Now onto our second, and a more important question: what roles have the media played in this whole drama?

 

Not a positive one, if we might say. And we mean both Chinese and English media.

 

Like mentioned earlier, the whole “Peppa being censored” narrative started with a single “Douyin community rule” picture. Despite being widely quoted by numerous Chinese internet news accounts since the end of April, the picture turned out to be fake, as representative from Douyin eventually claimed a few days ago. Furthermore, although the hashtag #Peppapig did disappear, the disappearance could be only temporary, not to mention there are still videos featuring Peppa available on Douyin.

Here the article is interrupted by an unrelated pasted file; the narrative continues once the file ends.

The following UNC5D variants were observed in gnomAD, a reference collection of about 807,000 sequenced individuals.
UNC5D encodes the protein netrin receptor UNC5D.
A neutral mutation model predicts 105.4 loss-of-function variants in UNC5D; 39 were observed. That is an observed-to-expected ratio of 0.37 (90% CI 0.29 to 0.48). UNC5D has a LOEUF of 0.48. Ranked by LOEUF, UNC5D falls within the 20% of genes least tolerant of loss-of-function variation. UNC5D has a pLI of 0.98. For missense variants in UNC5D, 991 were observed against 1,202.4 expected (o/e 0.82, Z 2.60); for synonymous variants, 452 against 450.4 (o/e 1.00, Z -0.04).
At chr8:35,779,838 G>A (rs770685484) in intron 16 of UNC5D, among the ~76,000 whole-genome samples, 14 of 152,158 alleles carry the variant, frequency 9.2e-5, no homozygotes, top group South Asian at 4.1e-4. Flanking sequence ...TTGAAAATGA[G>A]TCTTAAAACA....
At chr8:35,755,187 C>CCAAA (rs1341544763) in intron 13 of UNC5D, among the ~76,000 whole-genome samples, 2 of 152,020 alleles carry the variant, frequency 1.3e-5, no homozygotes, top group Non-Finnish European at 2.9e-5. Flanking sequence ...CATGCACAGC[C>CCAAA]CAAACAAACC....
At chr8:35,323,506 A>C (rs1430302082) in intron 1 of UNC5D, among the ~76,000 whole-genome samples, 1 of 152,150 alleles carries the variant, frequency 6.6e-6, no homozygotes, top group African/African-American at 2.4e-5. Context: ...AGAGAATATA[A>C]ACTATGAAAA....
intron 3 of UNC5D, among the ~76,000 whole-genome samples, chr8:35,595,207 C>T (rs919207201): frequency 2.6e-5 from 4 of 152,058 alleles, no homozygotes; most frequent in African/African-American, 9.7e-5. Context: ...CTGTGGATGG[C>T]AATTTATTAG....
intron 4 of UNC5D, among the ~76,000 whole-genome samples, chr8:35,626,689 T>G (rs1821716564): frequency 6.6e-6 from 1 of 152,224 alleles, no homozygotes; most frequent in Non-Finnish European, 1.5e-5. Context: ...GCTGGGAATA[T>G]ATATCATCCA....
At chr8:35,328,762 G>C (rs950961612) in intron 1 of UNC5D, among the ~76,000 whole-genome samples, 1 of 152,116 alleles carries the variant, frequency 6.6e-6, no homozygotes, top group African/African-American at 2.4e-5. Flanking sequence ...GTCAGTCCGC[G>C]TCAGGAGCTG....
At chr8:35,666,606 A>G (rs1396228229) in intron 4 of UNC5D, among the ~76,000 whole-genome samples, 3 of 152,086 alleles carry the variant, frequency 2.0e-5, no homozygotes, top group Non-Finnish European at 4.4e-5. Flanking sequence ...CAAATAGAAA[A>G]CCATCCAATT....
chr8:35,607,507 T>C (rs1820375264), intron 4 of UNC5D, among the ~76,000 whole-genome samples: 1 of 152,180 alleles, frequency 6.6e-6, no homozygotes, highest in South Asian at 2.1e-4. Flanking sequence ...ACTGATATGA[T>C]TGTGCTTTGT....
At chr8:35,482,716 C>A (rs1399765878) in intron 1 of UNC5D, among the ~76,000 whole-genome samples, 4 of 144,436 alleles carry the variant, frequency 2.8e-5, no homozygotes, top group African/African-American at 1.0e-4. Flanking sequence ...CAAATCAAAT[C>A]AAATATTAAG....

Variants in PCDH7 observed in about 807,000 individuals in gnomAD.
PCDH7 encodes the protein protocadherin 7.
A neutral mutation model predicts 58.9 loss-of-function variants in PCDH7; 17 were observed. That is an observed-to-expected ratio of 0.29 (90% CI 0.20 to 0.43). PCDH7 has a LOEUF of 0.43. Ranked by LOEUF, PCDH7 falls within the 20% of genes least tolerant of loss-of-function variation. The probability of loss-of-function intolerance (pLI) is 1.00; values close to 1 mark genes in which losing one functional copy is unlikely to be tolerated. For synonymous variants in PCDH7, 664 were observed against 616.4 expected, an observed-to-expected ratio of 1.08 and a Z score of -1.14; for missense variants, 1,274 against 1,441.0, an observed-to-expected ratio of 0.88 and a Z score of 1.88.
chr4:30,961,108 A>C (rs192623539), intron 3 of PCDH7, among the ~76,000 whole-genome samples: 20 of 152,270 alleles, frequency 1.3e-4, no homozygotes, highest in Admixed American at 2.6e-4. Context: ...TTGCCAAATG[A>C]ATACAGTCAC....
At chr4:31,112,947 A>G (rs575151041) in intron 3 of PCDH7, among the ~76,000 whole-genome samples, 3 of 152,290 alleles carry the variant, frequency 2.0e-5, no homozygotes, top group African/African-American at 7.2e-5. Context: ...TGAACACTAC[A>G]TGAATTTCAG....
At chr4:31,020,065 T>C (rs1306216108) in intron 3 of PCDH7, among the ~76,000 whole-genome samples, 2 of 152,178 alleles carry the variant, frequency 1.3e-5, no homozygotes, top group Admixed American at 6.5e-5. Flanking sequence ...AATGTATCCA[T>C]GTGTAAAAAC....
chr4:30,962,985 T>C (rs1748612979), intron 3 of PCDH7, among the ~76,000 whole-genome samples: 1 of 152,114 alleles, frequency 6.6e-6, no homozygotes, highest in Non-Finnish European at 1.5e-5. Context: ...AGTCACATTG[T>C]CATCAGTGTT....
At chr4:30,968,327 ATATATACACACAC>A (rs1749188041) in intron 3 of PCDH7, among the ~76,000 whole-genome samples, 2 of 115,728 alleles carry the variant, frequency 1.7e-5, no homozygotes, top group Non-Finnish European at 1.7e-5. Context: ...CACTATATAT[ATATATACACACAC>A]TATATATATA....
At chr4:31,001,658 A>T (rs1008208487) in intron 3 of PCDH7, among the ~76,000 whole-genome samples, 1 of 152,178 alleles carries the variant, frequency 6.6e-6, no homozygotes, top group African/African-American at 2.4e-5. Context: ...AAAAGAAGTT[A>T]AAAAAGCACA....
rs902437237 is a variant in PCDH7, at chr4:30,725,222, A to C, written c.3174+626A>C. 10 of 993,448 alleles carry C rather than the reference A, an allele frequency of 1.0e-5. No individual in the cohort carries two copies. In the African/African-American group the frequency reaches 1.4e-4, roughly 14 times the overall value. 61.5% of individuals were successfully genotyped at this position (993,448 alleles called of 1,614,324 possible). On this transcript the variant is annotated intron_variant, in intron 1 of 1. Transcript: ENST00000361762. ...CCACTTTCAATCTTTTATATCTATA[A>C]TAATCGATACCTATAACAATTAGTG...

What disappointed us more was the reaction from western media – many are credible, just sources of information that we’ve personally trusted and looked up to. Instead of spending time to research what really was going on, they seemed to be merely attracted by the idea of censorship itself, the ultimate news ingredient that makes any China story juicer. Some of these English articles did include a certain amount of concrete facts to back Peppa’s popularity in China, yet by centering the entire reporting around a “censorship” title, they were deliberately framing the event in a direction that would potentially mislead readers. We believe Douyin’s Peppa-control is worth reporting, what we believe more however, is that there should be better, more nuanced, and more comprehensive way of reporting it, as with any other news story in this world.